Lachie Neale (Round 6 vs. Geelong)

I know what you’re thinking. That there’s nothing overly ostentatious about this goal. Receiving a quick handball from a congested forward 50 stoppage – a throw-in expertly palmed to by Oscar McInerney to Dayne Zorko – Neale accelerated towards the pocket before perfectly dribbling a snap through the goals. So far, so normal.


Well, normal-ish. But if you take a closer look at who’s doggedly on the heels of Neale a stark picture begins to emerge. Bald, brilliant, Brownlow-fuelled, and born of higher AFL-ing powers.

Gary Ablett Jr. A man who has made a mockery of most of the league since before some readers of this article were born. And all he could do was valiantly pursue – and then watch – as the league’s next big thing alpha’d the bejesus out of him on the big stage.

Lachie Neale

Lachie Neale (Photo by Chris Hyde/Getty Images)

Tom Papley (Round 8 vs Hawthorn)

I’ve had the privilege of seeing Tom Papley’s explosive speed first-hand. It was the final over of a local cricket final, and the home side (who Papley was supporting) were on the brink of a famous victory.

At one stage requiring 12 an over late in the run-chase, with just two balls remaining six runs were required. Three other flags had been secured that day by the club.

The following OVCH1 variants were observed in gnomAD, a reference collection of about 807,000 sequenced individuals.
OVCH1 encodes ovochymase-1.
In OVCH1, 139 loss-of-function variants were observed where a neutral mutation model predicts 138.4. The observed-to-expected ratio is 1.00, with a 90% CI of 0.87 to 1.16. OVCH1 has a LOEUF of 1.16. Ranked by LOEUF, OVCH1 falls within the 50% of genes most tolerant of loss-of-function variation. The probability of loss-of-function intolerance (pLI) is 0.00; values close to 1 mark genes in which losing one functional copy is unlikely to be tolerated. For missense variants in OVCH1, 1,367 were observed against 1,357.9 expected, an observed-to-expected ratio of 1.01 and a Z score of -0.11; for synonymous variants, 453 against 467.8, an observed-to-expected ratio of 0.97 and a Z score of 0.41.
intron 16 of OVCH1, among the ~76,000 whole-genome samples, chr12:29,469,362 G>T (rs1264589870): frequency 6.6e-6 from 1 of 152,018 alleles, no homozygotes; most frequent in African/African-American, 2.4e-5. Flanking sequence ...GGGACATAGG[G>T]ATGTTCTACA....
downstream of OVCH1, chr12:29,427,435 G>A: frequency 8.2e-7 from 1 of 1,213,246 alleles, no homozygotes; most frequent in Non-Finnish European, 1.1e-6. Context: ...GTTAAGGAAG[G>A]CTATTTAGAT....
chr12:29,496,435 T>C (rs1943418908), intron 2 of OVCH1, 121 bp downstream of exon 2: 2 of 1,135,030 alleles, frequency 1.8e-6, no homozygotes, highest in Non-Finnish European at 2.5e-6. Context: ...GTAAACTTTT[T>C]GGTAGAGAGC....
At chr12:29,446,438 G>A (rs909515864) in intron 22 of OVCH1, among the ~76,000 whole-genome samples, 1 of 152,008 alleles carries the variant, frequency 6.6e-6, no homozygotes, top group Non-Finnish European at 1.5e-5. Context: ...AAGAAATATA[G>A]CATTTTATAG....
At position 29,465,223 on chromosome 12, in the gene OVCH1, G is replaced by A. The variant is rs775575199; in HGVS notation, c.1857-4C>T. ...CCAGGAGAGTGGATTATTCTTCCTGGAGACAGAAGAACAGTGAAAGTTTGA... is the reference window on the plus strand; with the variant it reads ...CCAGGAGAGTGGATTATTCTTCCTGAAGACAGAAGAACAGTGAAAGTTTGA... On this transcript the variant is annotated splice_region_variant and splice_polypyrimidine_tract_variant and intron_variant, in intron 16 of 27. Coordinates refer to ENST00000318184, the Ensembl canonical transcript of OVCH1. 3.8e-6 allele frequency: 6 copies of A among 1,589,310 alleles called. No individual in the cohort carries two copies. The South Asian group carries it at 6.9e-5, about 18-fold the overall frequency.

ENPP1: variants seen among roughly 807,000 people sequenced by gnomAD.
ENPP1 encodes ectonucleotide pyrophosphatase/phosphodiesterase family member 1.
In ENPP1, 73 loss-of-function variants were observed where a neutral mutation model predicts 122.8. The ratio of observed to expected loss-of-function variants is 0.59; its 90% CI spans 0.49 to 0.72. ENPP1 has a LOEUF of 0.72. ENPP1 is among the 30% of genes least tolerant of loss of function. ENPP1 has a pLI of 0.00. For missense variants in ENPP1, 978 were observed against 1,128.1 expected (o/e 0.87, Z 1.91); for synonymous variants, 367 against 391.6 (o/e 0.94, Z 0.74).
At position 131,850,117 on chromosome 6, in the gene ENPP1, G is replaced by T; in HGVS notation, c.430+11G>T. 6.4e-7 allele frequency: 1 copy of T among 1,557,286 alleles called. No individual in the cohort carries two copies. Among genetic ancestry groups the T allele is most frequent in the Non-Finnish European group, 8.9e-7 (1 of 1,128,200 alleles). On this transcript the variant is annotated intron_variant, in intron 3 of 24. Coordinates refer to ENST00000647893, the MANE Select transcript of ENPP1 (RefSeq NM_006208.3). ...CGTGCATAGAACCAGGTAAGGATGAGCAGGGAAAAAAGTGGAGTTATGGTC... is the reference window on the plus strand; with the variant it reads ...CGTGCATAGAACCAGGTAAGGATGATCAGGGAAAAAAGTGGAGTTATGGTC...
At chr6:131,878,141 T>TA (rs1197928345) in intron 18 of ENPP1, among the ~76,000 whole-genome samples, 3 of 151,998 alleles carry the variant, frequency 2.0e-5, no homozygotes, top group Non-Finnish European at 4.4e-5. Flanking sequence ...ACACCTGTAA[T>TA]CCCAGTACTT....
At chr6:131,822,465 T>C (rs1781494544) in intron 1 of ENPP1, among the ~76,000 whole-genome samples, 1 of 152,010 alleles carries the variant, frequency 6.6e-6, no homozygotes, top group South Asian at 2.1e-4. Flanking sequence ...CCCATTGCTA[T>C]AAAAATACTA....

All that was left was one monstrous hit over cow corner to seal the perfect day. Before the ball even had the chance to crash into the advertising boards ringing the ground, Papley was halfway to the celebrating batsmen. A cavalcade of fellow supporters followed, but the superstar Swan had them easily covered.

Lo and behold, against Hawthorn Papley displayed similar zeal. Proving far too strong for Blake Hardwick in a marking contest, he finagled a two-metre gap on his opponent.

In the blink of an eye, it was ten. He took a couple of the mankiest bounces you’ll ever see as he blitzed through the forward fifty before booting the goal. Sicily and Ben Stratton tried their best to close the gap. They had a better chance of laying a hand on the sun.

Tim Membrey (Round 8 vs. Port Adelaide)

There’s something truly earth-shatteringly savage about a bloke attempting to Daniel LaRusso a ball a metre away from the goal-line, successfully pulling off such a feat, and not even realising he’d done it.

(On a side note, at least in this version of the Karate Kid the final kick was legal. As I’ve said before, Johnny Lawrence from Cobra Kai was robbed.)

Now, watching in real-time it appeared that Tom Jonas’ defending fundamentals had emerged victorious. Calmly maintaining composure, standing tall, and wisely conceding a behind amidst the chaos of Tim Membrey’s perpendicular assault on the Sherrin, arms and legs flung asunder.


Indeed, when the behind was initially signalled Membrey ran off seeming unperturbed about the result of his audacious attempt. Admittedly this may have had more to do with his devotion to channeling Damian Lillard than actual knowledge of the outcome of his endeavours.

Regardless, as it turned out, all Jonas had done was to punch the ball over the line via Membrey’s flailing foot. It probably won’t surprise you – based on this divine intervention of a goal – that St. Kilda won this game.